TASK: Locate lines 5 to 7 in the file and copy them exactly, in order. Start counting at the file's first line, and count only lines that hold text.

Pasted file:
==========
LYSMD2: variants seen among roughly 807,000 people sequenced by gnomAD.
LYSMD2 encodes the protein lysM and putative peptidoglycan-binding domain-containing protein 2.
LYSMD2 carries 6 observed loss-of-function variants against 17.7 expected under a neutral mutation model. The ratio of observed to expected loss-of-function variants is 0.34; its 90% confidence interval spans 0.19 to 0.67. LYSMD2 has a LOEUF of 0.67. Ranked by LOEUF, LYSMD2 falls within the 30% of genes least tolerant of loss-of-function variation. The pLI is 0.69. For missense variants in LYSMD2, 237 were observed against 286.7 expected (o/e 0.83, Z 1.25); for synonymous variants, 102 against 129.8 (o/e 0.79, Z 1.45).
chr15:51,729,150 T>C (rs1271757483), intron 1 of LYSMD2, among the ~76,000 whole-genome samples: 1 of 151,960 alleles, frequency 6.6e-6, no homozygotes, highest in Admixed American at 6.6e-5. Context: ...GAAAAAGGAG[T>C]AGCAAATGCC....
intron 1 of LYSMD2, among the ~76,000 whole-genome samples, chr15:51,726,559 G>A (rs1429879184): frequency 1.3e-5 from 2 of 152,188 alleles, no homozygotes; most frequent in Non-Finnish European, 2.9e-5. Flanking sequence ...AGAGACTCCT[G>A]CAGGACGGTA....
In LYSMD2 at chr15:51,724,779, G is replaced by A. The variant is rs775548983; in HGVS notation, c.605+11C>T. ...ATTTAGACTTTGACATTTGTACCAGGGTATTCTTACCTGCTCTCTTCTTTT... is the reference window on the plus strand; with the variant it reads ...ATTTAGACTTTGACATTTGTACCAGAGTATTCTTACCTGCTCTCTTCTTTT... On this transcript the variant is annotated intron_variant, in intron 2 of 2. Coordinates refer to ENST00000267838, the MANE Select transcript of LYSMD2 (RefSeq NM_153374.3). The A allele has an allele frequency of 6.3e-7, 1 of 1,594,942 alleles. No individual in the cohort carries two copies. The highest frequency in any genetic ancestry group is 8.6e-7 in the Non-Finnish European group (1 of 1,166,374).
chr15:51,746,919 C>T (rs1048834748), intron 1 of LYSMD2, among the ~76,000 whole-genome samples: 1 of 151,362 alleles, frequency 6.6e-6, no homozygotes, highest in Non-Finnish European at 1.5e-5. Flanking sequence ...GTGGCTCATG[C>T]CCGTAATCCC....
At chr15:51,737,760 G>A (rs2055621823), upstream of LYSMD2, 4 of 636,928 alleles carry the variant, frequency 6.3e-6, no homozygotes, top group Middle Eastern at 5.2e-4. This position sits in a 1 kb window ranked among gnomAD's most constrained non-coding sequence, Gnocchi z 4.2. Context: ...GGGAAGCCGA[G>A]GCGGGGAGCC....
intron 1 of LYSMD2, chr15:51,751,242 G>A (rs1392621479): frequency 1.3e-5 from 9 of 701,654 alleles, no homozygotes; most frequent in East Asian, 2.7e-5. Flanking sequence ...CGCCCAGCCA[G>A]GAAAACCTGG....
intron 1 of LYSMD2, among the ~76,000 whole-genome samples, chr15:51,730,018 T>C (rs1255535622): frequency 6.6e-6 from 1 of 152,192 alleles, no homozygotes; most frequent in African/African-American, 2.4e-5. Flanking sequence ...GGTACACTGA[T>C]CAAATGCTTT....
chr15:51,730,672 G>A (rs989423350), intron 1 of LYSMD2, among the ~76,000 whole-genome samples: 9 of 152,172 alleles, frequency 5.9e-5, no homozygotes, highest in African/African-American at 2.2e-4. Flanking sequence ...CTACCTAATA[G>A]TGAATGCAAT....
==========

intron 1 of LYSMD2, among the ~76,000 whole-genome samples, chr15:51,726,559 G>A (rs1429879184): frequency 1.3e-5 from 2 of 152,188 alleles, no homozygotes; most frequent in Non-Finnish European, 2.9e-5. Flanking sequence ...AGAGACTCCT[G>A]CAGGACGGTA....
In LYSMD2 at chr15:51,724,779, G is replaced by A. The variant is rs775548983; in HGVS notation, c.605+11C>T. ...ATTTAGACTTTGACATTTGTACCAGGGTATTCTTACCTGCTCTCTTCTTTT... is the reference window on the plus strand; with the variant it reads ...ATTTAGACTTTGACATTTGTACCAGAGTATTCTTACCTGCTCTCTTCTTTT... On this transcript the variant is annotated intron_variant, in intron 2 of 2. Coordinates refer to ENST00000267838, the MANE Select transcript of LYSMD2 (RefSeq NM_153374.3). The A allele has an allele frequency of 6.3e-7, 1 of 1,594,942 alleles. No individual in the cohort carries two copies. The highest frequency in any genetic ancestry group is 8.6e-7 in the Non-Finnish European group (1 of 1,166,374).
chr15:51,746,919 C>T (rs1048834748), intron 1 of LYSMD2, among the ~76,000 whole-genome samples: 1 of 151,362 alleles, frequency 6.6e-6, no homozygotes, highest in Non-Finnish European at 1.5e-5. Flanking sequence ...GTGGCTCATG[C>T]CCGTAATCCC....